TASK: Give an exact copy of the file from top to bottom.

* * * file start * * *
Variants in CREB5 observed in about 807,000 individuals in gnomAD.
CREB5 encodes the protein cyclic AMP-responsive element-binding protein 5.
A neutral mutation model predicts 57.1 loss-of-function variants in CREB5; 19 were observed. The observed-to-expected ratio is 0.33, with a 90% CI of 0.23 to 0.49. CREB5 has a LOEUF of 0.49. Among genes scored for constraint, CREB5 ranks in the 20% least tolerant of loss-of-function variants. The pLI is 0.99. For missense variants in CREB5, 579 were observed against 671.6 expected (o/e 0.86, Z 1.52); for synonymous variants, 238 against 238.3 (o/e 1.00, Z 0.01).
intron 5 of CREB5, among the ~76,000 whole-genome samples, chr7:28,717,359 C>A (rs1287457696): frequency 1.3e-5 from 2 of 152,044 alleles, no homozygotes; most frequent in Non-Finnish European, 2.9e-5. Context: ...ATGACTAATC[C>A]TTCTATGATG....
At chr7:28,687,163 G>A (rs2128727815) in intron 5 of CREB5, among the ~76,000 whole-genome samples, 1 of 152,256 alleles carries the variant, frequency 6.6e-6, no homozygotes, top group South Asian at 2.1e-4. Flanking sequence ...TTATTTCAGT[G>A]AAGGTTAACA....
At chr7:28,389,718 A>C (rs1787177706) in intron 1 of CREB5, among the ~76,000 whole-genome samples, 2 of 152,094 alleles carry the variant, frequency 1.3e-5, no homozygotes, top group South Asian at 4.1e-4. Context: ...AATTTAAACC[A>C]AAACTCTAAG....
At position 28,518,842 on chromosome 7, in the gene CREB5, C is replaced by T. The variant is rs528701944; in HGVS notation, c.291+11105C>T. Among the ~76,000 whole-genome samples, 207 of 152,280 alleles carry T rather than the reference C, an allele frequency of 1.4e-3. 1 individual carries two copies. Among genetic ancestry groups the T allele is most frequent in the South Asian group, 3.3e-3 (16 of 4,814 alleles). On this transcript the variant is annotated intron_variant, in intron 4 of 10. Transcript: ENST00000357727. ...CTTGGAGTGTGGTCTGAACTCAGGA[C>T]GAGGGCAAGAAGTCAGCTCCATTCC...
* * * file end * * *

Variants in CREB5 observed in about 807,000 individuals in gnomAD.
CREB5 encodes the protein cyclic AMP-responsive element-binding protein 5.
A neutral mutation model predicts 57.1 loss-of-function variants in CREB5; 19 were observed. The observed-to-expected ratio is 0.33, with a 90% CI of 0.23 to 0.49. CREB5 has a LOEUF of 0.49. Among genes scored for constraint, CREB5 ranks in the 20% least tolerant of loss-of-function variants. The pLI is 0.99. For missense variants in CREB5, 579 were observed against 671.6 expected (o/e 0.86, Z 1.52); for synonymous variants, 238 against 238.3 (o/e 1.00, Z 0.01).
intron 5 of CREB5, among the ~76,000 whole-genome samples, chr7:28,717,359 C>A (rs1287457696): frequency 1.3e-5 from 2 of 152,044 alleles, no homozygotes; most frequent in Non-Finnish European, 2.9e-5. Context: ...ATGACTAATC[C>A]TTCTATGATG....
At chr7:28,687,163 G>A (rs2128727815) in intron 5 of CREB5, among the ~76,000 whole-genome samples, 1 of 152,256 alleles carries the variant, frequency 6.6e-6, no homozygotes, top group South Asian at 2.1e-4. Flanking sequence ...TTATTTCAGT[G>A]AAGGTTAACA....
At chr7:28,389,718 A>C (rs1787177706) in intron 1 of CREB5, among the ~76,000 whole-genome samples, 2 of 152,094 alleles carry the variant, frequency 1.3e-5, no homozygotes, top group South Asian at 4.1e-4. Context: ...AATTTAAACC[A>C]AAACTCTAAG....
At position 28,518,842 on chromosome 7, in the gene CREB5, C is replaced by T. The variant is rs528701944; in HGVS notation, c.291+11105C>T. Among the ~76,000 whole-genome samples, 207 of 152,280 alleles carry T rather than the reference C, an allele frequency of 1.4e-3. 1 individual carries two copies. Among genetic ancestry groups the T allele is most frequent in the South Asian group, 3.3e-3 (16 of 4,814 alleles). On this transcript the variant is annotated intron_variant, in intron 4 of 10. Transcript: ENST00000357727. ...CTTGGAGTGTGGTCTGAACTCAGGA[C>T]GAGGGCAAGAAGTCAGCTCCATTCC...